Analyzing MLB Attendance and Temperature

We started the project by cleaning and formatting our acquired data. This can all be found in the full Jupyter notebook. This includes adding some variables, converting formats (such as dates to Datetime), and other general cleanup.

Following this, we move on to exploratory data analysis. This phase consists of checking our data for outliers, looking for initial trends to inform hypotheses and potential model features, and gaining a better understanding of the data that we’re working with.

Macro Attendance EDA

An easy place to start is to look at how overall attendance has trended over the length of the data collected. Indeed, the data shows that attendance peaked in 2007, after which there was a downward trend extending through 2017.

An interesting set of data points is seeing the activity in the early-mid 1990’s. Seeing these kinds of sharp gyrations in the data leads us to ask the natural question — what happened?

Further research shows that there was a strike that started in August 1994 and ran through early April, 1995. This cut out about a month and a half of games — and therefore potential attendance — and at the most crucial point in the season.

August and September attendance are in or near the top 3 for attendance per game per month, and for teams in playoff contention, it is likely in the top 3. So, the impact of not only missing a month and a half of a season, along with it being the most important months, is the predominant cause of the drop.

As a means to normalize for the different number of games, we can look at attendance per game, which shows that 1994 attendance was trending even higher than previous years before the stoppage. After the strike, there was a significant decrease in attendance, with the 1994 pre-strike level not being recovered until over a decade later.

Other factors

Now that we’ve confirmed the underlying trend that we’re looking to explain, we’ll spend some time looking at other related factors that will help us to further contextualize the data.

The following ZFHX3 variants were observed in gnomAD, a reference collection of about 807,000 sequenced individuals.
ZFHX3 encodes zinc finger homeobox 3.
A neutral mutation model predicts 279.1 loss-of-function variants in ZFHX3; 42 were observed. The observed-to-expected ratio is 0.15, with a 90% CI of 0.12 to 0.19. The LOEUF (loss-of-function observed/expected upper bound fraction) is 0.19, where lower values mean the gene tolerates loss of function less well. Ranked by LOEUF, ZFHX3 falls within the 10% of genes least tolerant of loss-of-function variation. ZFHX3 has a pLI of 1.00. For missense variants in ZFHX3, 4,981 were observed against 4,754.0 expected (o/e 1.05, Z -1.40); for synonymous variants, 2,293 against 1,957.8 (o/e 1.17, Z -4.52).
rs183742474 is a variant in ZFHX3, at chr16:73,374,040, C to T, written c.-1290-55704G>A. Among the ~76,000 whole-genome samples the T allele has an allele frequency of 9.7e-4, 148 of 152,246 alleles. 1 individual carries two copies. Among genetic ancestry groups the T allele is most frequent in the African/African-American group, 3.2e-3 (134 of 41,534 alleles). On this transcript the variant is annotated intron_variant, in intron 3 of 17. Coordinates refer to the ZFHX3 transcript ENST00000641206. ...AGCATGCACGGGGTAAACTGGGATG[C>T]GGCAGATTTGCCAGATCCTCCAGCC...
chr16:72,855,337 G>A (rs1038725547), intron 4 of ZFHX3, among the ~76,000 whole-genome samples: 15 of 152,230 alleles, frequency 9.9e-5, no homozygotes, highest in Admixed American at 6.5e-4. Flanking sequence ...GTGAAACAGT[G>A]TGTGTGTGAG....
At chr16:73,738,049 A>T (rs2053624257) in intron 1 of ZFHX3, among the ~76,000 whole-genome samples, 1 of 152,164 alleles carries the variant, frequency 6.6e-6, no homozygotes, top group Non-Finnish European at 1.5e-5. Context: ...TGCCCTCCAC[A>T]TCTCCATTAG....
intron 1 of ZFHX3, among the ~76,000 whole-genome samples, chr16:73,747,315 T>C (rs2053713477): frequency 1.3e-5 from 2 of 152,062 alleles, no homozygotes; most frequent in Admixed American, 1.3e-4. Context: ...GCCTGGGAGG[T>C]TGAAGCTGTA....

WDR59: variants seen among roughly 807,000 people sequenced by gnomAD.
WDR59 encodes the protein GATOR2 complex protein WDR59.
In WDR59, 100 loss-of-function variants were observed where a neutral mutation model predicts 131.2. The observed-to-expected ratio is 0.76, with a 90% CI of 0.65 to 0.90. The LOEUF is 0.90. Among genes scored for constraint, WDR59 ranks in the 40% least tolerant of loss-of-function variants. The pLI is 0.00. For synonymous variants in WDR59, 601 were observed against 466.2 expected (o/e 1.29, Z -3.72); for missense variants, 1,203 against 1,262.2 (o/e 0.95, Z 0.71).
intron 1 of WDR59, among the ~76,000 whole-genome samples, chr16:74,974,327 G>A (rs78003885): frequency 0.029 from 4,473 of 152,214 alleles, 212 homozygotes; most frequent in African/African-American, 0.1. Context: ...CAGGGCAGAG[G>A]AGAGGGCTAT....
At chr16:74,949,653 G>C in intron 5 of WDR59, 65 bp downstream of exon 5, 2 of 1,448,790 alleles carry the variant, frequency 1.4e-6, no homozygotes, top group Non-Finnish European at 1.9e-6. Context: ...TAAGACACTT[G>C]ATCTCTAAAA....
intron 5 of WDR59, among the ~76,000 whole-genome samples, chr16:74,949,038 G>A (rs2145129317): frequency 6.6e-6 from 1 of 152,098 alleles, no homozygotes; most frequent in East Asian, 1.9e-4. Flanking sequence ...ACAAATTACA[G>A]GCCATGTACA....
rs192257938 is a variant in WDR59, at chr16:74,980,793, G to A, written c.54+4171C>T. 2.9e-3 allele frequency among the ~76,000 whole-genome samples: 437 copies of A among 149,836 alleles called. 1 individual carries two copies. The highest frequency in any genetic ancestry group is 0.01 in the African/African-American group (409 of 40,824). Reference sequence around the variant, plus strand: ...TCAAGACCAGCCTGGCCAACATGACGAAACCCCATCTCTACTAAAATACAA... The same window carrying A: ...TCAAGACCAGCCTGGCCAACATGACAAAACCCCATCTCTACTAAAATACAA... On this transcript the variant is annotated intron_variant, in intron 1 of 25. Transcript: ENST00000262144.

First, baseball has a reputation as being a slow-paced game, and this trend has been exacerbated over the past decade, with the average time per game increasing more than 10% since 2005. In a world that is exponentially speeding up, baseball is slowing down.

Next, we’ll start to look for some high-level indicators that correlate to attendance per game. Using a pairplot from Seaborn’s library is an efficient way to take multiple variables and have an immediate visual representation of both the variable itself as well as how it relates to the other variables.

Using annual aggregated variables for time (time per game), offensive excitement (homeruns per game), and offensive output (runs per game), let’s take a look at how these relate to attendance per game.

Naturally, total home runs per game and runs per game show the most linear pattern, but interestingly, when it comes to attendance per game, each of the variables show little correlation, even time per game, which was a bit surprising to me. In fact, while not a linear relationship, some of the higher attendance per game years came when the length of games were among the longest.

This doesn’t necessarily mean that these factors won’t be influential to our final analysis, just that there isn’t immediate validation of the initial hypotheses that offensive output or time per game would show a relationship with attendance.

Bringing it back to weather, we’ll begin to explore the intricacy of the relationship between Temperature and attendance per game. The scatter plot below plots the monthly average temperature in each city (x-axis) and the average monthly attendance per game for each team (y-axis). Overall, there are 30 (teams) x ~7 (months) for a little over 200 data points.

The result is a marginally positive correlation coefficient of 0.14, which certainly is not overwhelming evidence that there is a meaningful direct linear relationship between the two variables.

Further graphical attempts to investigate the relationship between weather and attendance, including isolating for colder months (April, May in the left graph below) and isolating for cold weather teams (less than 55 degrees Fahrenheit median temperature in April; right graph below) during those months showed no discernible relationship between the two variables.

(Note: In the plots below, when below_median = 1 (hue green), this indicates that the temperature in that month was below the median, and when the variable is 0 (hue blue), the value was equal to or above the median.)

The next step I’ll take in a following post is to attempt to create a model predicting attendance per game — I’m still very new at modeling, so it’ll be simple and feedback is welcome — as well as some deeper statistical analysis to determine the impact of Temperature, and other variables, against attendance.

Analytics Professional and Data Enthusiast; www.linkedin.com/in/jordanbean